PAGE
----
Being a native resident of Dallas, Texas, I feel proud to review Oh, Sleeper‘s newest record entitled Children of Fire. These christian-metal wall-crushers have further perfected their art of beautiful and melodic brutality, rather than just rehashing it with a re-release of their last record Son of The Morning. I’m excited that we have bands like this in the metalcore genre, that don’t rely on trendy gimmicks to get their point across. It is a concept album like the previous record, picking up right where SOTM left off. This one depicts the story between a religious father and atheist daughter in a world where people no longer attach consequence to their actions, as it is believed that God and the Devil are dead. I don’t want to reveal much more here, but I promise the story isn’t what you expect.
The first thing you will notice is vocalist Micah Kinard’s muscle-shredding yell that is even stronger than it was before; it makes you want to rip apart anything in your way as you listen to him question everything immoral in the span of our lives. The anger, repression, and destruction seem to pour out of his vocal chords in a way I have rarely heard from other bands in the metal genre. You can feel every ounce of pain and suffering through the speakers, and you come out of the experience cleansed.
Lyrically, this album is incredibly rebellious, making you shake your fist at the higher-ups in pretentious society. They’re as inspiring, questioning, and descriptive as they have always been. They want you to dig deep into yourself, and question everything that feels wrong. Many of the lyrics are darker in the sense of revenge and murder. Examples are “I’ll marry the blade to his throat” or “Make him beg for his life/he made me watch as my family died/He’ll never know what it’s like/So cut him slow ’til his soul takes flight”. It’s so incredibly teeth-clenchingly raw, the grit and fight in his voice as he screams those words will take your perspective on life and turn it upside down.
The guitars are spot on, clear, and concise. Shane Blay and James Erwin intensify the experience ten-fold. It’s fast, and the production quality speaks volumes. Every tapped note and bent string is heard with amazing clarity, in fact every element is nearly flawless. New bassist Nate Grady and drummer Zac Mayfield had big shoes to fill coming in to the band at this stage of their career, but their work on this record is nothing short of amazing. The drums are ferocious and deafening, and were so accurately written that nothing feels out of place. Also, you will take notice in Grady’s bass lines, as they hold a sort of melodic groove I haven’t really seen, but for the more progressive tracks like “The Family Ruin,” “Shed Your Soul” and “Chewing the Stitch,” you will notice those subtle lines that make your head swivel like a scene from Night at The Roxbury. The programming adds to the feel of that desolate hopelessness that they enact on your conscious so well, and you will truly feel somewhere else once this album has a hold on your mind.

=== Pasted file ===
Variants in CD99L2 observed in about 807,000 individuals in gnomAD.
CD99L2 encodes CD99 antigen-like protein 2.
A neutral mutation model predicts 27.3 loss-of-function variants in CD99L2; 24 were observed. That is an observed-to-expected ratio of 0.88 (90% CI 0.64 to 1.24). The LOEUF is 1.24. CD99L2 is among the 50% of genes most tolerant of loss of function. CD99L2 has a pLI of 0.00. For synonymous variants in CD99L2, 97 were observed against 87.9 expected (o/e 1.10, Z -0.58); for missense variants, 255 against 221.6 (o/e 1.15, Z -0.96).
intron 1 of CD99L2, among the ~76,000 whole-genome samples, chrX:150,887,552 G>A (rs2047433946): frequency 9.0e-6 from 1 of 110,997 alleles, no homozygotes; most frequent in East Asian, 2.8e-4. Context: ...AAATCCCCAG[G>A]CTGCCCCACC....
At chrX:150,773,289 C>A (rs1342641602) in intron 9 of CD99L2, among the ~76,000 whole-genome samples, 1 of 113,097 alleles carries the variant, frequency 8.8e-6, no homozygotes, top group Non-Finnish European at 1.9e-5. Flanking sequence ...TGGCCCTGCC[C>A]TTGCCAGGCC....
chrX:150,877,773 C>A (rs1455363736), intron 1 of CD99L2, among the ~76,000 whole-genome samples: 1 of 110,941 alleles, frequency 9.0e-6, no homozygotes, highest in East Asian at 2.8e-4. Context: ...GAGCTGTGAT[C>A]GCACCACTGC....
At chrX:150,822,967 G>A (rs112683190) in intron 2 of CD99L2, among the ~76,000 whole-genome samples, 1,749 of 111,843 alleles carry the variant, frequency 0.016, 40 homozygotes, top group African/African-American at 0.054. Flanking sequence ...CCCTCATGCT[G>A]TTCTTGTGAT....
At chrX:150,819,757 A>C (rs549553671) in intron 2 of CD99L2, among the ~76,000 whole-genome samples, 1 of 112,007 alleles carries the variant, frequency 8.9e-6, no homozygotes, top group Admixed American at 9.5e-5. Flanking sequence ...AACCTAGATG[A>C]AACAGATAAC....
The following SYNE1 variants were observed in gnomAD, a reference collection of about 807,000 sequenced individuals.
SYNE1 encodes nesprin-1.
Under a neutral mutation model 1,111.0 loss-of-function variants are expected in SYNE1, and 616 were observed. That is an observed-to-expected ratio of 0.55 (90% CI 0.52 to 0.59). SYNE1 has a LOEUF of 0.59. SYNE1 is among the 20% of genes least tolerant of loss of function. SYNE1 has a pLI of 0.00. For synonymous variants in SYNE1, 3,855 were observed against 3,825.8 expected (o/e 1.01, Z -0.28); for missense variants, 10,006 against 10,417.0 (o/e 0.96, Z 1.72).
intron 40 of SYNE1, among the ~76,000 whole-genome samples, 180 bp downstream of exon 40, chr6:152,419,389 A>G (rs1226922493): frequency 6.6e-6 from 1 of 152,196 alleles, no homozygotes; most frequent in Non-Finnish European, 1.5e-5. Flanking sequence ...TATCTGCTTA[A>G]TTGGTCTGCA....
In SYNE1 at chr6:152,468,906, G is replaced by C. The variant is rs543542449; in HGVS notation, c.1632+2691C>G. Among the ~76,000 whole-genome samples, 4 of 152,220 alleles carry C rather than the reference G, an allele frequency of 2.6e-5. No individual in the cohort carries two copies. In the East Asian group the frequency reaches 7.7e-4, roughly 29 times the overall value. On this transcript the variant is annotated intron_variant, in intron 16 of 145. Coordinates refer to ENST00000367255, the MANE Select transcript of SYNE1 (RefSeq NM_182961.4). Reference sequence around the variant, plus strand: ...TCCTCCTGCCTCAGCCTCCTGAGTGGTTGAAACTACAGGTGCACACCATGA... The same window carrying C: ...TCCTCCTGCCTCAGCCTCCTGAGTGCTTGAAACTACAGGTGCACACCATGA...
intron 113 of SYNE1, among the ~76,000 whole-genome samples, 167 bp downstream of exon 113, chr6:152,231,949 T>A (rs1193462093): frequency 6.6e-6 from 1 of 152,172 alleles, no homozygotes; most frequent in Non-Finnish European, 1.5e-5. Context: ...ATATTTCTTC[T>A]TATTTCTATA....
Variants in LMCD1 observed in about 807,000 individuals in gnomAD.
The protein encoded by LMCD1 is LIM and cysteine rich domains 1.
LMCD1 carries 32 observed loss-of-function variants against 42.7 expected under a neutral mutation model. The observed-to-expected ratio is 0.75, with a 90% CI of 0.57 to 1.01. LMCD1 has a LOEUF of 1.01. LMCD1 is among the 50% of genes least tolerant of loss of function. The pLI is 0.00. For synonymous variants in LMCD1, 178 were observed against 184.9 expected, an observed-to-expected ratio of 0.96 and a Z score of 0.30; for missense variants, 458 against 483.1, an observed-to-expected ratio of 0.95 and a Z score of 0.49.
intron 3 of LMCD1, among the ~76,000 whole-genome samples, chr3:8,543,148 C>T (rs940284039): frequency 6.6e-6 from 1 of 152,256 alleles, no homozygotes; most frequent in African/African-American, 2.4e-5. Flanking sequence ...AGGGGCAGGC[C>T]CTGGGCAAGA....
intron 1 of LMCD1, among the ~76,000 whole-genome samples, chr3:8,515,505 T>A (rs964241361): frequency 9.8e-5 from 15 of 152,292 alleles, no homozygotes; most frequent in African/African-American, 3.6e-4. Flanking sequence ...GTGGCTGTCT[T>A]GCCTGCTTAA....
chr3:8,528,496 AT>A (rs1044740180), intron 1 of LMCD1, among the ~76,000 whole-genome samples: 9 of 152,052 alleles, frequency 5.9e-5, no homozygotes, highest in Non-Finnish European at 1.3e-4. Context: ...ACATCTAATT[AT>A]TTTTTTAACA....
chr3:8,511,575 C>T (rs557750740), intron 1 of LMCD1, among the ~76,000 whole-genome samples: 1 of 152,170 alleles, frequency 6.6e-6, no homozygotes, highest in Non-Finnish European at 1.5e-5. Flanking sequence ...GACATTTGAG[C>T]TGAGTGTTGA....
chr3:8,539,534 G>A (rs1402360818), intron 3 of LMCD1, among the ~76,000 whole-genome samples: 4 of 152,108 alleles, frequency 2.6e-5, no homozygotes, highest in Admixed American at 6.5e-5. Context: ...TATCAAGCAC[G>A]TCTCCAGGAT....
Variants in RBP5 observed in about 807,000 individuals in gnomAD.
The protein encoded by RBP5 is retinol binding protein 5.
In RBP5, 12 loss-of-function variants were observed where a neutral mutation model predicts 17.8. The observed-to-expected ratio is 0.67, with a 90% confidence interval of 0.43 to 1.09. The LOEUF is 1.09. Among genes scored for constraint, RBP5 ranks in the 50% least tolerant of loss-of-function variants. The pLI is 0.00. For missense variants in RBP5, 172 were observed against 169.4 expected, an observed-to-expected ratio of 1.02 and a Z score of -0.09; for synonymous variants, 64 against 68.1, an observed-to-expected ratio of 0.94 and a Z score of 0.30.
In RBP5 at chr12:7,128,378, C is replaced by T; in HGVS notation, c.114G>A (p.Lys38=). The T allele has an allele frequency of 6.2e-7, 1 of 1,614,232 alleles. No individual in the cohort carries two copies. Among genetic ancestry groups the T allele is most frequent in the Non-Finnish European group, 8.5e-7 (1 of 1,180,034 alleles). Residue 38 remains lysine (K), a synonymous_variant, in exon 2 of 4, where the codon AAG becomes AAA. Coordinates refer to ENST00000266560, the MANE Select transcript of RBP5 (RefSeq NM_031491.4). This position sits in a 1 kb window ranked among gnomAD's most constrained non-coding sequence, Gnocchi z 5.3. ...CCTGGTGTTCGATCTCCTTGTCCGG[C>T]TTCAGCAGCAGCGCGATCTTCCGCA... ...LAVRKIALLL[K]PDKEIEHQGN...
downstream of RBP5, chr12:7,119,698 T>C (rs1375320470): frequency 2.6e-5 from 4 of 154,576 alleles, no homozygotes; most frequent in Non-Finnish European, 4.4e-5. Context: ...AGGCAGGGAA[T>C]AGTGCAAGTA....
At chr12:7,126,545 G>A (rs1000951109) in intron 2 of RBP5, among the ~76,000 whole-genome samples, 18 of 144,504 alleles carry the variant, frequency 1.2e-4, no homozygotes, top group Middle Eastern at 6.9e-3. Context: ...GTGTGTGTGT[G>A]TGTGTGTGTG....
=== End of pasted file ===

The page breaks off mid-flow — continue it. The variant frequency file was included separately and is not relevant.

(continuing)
Starting with “Endseekers,” the previously released track from earlier this month; not one second is wasted preparing you for the onslaught that will invade your ears. Structurally, this record has greatly improved from their earlier efforts. After that is “Shed Your Soul” and “The Marriage of Steel and Skin.” Both tracks are incredibly fast and hardcore, showcasing some of the more brutal parts of the record in a polygamy of thrash and breakdowns.
Following those is “Hush Yael,” a direct response to a heart-wrenching story of an attack that took place in Nahariya, Israel in 1979. A family’s home was invaded by Palestinian terrorists and nearly all were murdered. The mom survived the incident but two-year-old daughter Yael, four-year-old daughter Einat, and the father were all killed. It was such a sad but moving story, and their take on it is too difficult to describe in words. What I can say is that in recording this song, I can imagine many things were broken in fits of sad rage, and many tears were shed. It’s that powerful.
From there, you get a brief minute to recuperate from the aggression with “The Conscience Speaks”. It’s slow, acoustic, and melodic. The pace quickens instantly when “Dealers of Fame” begins, as the drum rolls and guitar sweeps trade off in a fast and accurate fashion. After that comes another acoustic track “Means to Believe.” Now I know what you’re thinking (“Another acoustic song?”) but don’t take this one for granted. It grows on you, and it is a standout song for Oh, Sleeper in general. Blay leads this one the whole way through in a Stone Sour-esque vibe, but it is nothing like Stone Sour. You’ll remember this beautiful ballad forever.
What I love about this record is the depth; there are so many little nuances you wouldn’t normally notice. It takes many listens to appreciate all the details. In the end, you look for something that changes your perspective, or at least builds on it. Every song will move you. The blend of imagery and commanding words tell a story like no one else can. Oh Sleeper has revived a fire in me I thought I had lost for music, because a lot of music now feels so fake and generic. This is real. This is absolute genuine music. What they have crafted is a beautiful melodic masterpiece, and it is easily one of my albums of the year. Don’t waste another second of your time and get this record; your perspective will change.